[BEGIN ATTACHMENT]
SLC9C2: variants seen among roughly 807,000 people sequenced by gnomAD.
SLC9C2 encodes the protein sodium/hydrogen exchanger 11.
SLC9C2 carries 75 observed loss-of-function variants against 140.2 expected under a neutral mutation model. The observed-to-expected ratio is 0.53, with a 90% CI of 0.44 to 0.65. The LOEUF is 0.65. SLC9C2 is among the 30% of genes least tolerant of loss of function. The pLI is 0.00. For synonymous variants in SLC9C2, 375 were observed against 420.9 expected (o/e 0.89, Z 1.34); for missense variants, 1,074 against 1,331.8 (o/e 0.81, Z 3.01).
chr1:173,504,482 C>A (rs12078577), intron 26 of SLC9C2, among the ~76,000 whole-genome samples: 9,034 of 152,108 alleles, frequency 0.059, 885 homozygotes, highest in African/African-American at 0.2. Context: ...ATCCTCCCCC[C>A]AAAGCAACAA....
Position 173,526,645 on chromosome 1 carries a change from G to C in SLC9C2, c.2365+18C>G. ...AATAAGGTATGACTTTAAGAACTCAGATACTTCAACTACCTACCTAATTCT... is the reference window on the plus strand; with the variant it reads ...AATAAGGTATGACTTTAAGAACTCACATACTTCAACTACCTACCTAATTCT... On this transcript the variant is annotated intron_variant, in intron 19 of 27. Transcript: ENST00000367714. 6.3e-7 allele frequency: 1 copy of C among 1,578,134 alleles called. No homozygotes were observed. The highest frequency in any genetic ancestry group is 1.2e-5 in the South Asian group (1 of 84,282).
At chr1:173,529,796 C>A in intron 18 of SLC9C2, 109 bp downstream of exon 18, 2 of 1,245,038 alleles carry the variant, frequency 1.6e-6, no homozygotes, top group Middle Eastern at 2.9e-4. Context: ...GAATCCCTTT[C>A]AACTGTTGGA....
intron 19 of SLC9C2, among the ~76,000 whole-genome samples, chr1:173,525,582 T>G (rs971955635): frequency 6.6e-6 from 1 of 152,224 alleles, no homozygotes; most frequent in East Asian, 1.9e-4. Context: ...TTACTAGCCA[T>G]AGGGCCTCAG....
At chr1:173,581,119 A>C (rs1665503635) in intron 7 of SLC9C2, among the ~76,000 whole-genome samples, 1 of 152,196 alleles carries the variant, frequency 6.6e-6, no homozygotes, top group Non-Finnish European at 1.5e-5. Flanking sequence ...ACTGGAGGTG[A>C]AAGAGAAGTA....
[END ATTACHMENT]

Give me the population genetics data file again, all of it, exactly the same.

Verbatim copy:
SLC9C2: variants seen among roughly 807,000 people sequenced by gnomAD.
SLC9C2 encodes the protein sodium/hydrogen exchanger 11.
SLC9C2 carries 75 observed loss-of-function variants against 140.2 expected under a neutral mutation model. The observed-to-expected ratio is 0.53, with a 90% CI of 0.44 to 0.65. The LOEUF is 0.65. SLC9C2 is among the 30% of genes least tolerant of loss of function. The pLI is 0.00. For synonymous variants in SLC9C2, 375 were observed against 420.9 expected (o/e 0.89, Z 1.34); for missense variants, 1,074 against 1,331.8 (o/e 0.81, Z 3.01).
chr1:173,504,482 C>A (rs12078577), intron 26 of SLC9C2, among the ~76,000 whole-genome samples: 9,034 of 152,108 alleles, frequency 0.059, 885 homozygotes, highest in African/African-American at 0.2. Context: ...ATCCTCCCCC[C>A]AAAGCAACAA....
Position 173,526,645 on chromosome 1 carries a change from G to C in SLC9C2, c.2365+18C>G. ...AATAAGGTATGACTTTAAGAACTCAGATACTTCAACTACCTACCTAATTCT... is the reference window on the plus strand; with the variant it reads ...AATAAGGTATGACTTTAAGAACTCACATACTTCAACTACCTACCTAATTCT... On this transcript the variant is annotated intron_variant, in intron 19 of 27. Transcript: ENST00000367714. 6.3e-7 allele frequency: 1 copy of C among 1,578,134 alleles called. No homozygotes were observed. The highest frequency in any genetic ancestry group is 1.2e-5 in the South Asian group (1 of 84,282).
At chr1:173,529,796 C>A in intron 18 of SLC9C2, 109 bp downstream of exon 18, 2 of 1,245,038 alleles carry the variant, frequency 1.6e-6, no homozygotes, top group Middle Eastern at 2.9e-4. Context: ...GAATCCCTTT[C>A]AACTGTTGGA....
intron 19 of SLC9C2, among the ~76,000 whole-genome samples, chr1:173,525,582 T>G (rs971955635): frequency 6.6e-6 from 1 of 152,224 alleles, no homozygotes; most frequent in East Asian, 1.9e-4. Context: ...TTACTAGCCA[T>G]AGGGCCTCAG....
At chr1:173,581,119 A>C (rs1665503635) in intron 7 of SLC9C2, among the ~76,000 whole-genome samples, 1 of 152,196 alleles carries the variant, frequency 6.6e-6, no homozygotes, top group Non-Finnish European at 1.5e-5. Flanking sequence ...ACTGGAGGTG[A>C]AAGAGAAGTA....